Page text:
Light Gathering & Low Light Performance
As the binoculars that I will be taking will be small with small objective lenses, it will be nice to have an instrument with a larger lens that is better able to capture light and thus can work out better in low light situations. This will be especially true at sunrise, sunset, and indeed at night for astronomy. All of these times, I will be stationary in camp and thus plan to have my scope set up and ready to go.

Disadvantages of Spotting Scopes vs Binoculars

Size & Weight
Once again, in the context of my hiking and camping trips, a downside to a spotting scope, even a very small, travel-friendly one is that whilst it won’t be that much different from a full-sized binocular, it is still going to be a fair bit larger than a compact binocular.

Tripod / Monopod Required
The other drawback to taking a spotting scope on an adventure where space and weight are at a premium is because of the higher magnifications and just how they are designed to be used (usually with the angled eyepieces), you really do need to mount them onto a tripod/monopod in order to get the best out of them.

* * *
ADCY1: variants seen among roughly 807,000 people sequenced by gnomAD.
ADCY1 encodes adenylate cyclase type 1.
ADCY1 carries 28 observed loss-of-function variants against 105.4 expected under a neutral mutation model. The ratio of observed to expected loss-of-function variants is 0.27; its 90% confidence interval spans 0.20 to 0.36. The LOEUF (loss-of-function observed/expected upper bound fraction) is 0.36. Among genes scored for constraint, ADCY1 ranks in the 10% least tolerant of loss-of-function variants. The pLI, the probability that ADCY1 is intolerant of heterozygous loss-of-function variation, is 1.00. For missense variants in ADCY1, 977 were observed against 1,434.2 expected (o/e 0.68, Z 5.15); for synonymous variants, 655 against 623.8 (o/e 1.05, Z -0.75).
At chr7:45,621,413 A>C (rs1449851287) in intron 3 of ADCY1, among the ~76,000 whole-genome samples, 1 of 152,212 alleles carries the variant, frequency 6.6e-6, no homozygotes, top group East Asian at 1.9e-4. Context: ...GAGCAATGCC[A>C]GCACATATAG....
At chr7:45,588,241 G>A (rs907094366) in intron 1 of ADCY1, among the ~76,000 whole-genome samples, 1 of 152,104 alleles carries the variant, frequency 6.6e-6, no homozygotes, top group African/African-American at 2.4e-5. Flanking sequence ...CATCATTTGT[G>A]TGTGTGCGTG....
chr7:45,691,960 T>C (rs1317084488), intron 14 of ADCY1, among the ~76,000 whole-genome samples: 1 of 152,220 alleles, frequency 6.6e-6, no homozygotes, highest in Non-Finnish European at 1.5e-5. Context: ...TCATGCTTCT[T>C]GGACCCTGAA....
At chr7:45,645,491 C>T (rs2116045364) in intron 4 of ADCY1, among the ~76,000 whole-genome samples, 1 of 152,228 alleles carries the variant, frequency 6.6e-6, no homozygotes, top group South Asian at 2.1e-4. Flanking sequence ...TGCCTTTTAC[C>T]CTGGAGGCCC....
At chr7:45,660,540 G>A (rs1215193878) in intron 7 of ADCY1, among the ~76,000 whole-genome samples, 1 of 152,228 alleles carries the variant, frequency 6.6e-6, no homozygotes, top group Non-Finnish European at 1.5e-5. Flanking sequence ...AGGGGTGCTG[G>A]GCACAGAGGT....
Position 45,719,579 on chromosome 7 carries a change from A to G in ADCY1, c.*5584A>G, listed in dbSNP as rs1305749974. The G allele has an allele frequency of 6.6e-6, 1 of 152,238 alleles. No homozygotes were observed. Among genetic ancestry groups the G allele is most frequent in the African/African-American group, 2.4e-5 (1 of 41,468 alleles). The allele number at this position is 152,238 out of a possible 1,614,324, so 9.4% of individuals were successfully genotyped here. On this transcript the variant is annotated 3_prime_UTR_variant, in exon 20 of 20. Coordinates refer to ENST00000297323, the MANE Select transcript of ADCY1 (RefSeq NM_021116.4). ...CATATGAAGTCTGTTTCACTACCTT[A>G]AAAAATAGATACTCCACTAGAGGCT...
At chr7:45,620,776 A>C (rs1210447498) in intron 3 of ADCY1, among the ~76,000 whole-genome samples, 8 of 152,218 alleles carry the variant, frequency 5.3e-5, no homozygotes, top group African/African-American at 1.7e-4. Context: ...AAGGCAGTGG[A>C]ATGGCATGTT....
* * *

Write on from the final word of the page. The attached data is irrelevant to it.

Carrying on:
Now as I will be filming for the BBR YouTube channel, I will have a tripod or monopod with me anyway, so for me, this is not an issue, but for others, this may certainly be something to keep in mind. Although there are some excellent very lightweight tripods out there or you could even go for a monopod that can double as a walking pole.

You can see what I use here: My Tripods for Binoculars & Spotting Scopes

So I guess, strictly speaking, if I wanted to keep my pack as small and lightweight as physically possible, the spotting scope would stay at home, but I do feel that I have space and so want to enjoy the extra benefits that it brings and besides, it also just happens that I have the perfect scope in mind and thus want to test it out!

Which Binoculars & Scope